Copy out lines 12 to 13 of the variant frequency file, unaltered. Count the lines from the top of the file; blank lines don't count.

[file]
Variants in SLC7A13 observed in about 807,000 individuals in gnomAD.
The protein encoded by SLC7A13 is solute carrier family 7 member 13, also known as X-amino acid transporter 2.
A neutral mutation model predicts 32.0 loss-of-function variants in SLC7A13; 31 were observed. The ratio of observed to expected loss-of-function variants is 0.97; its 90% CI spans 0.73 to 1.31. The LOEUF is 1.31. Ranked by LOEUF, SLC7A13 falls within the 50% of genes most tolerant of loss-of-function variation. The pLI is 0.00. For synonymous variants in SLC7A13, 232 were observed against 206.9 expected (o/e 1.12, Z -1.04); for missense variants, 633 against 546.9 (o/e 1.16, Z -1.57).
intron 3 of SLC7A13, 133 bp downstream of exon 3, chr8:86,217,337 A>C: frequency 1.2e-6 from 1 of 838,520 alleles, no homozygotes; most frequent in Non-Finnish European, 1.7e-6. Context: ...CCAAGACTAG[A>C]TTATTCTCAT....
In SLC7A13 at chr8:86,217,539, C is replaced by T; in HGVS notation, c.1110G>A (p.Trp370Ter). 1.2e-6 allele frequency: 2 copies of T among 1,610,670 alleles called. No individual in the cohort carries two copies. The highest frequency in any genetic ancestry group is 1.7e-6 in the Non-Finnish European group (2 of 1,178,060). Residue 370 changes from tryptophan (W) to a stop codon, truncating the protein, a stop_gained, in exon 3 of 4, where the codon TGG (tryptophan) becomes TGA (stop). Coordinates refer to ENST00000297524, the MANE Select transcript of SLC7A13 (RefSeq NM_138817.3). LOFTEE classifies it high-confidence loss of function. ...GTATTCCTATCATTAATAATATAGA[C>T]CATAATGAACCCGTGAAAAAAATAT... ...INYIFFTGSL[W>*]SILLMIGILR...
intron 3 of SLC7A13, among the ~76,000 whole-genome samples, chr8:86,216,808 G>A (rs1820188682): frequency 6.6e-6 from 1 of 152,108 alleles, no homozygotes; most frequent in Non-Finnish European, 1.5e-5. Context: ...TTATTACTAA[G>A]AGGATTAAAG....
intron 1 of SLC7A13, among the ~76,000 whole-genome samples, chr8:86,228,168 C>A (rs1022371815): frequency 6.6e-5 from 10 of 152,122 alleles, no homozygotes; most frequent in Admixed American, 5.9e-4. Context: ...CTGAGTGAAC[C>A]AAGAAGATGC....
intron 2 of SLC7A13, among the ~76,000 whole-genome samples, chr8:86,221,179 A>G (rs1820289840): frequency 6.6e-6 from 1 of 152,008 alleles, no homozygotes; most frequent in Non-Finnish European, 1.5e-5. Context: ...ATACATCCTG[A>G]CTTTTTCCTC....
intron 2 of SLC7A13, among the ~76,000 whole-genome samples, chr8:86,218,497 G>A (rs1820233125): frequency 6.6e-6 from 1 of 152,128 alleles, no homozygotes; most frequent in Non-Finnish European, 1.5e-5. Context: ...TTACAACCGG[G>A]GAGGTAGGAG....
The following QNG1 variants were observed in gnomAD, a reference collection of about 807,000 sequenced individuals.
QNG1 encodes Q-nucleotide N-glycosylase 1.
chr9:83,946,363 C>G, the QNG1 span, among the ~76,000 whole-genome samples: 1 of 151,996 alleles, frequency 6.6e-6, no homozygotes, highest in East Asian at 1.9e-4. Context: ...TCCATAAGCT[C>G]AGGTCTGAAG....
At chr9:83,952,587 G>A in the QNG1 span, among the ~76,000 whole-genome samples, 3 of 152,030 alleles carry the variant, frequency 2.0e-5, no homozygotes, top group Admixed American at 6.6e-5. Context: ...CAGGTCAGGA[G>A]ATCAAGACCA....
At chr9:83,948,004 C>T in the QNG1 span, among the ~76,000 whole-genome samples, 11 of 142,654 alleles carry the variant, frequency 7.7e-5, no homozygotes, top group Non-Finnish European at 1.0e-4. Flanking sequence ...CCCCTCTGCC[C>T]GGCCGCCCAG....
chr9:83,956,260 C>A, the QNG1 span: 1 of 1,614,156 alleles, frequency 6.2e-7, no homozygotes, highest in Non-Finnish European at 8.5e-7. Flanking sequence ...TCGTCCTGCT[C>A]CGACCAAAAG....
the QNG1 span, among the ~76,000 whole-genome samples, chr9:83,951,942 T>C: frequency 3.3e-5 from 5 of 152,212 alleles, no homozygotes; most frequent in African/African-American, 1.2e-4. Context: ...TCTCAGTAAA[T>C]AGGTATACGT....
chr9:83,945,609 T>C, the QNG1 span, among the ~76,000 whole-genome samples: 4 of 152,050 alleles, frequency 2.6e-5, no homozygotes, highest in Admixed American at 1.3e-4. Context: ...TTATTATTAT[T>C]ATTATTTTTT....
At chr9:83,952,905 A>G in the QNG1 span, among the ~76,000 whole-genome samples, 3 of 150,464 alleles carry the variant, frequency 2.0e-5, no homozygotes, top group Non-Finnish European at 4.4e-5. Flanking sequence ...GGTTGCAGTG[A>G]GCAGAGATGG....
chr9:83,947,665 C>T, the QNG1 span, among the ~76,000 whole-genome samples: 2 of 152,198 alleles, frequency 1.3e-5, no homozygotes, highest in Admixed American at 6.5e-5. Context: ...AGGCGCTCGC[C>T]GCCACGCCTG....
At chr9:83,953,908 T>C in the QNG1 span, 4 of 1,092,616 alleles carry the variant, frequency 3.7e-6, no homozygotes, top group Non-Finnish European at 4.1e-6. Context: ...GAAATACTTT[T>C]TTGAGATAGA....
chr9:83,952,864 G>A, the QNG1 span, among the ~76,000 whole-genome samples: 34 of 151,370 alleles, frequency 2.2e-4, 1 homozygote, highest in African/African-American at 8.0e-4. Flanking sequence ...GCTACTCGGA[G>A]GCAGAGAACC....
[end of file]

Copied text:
chr9:83,946,363 C>G, the QNG1 span, among the ~76,000 whole-genome samples: 1 of 151,996 alleles, frequency 6.6e-6, no homozygotes, highest in East Asian at 1.9e-4. Context: ...TCCATAAGCT[C>G]AGGTCTGAAG....
At chr9:83,952,587 G>A in the QNG1 span, among the ~76,000 whole-genome samples, 3 of 152,030 alleles carry the variant, frequency 2.0e-5, no homozygotes, top group Admixed American at 6.6e-5. Context: ...CAGGTCAGGA[G>A]ATCAAGACCA....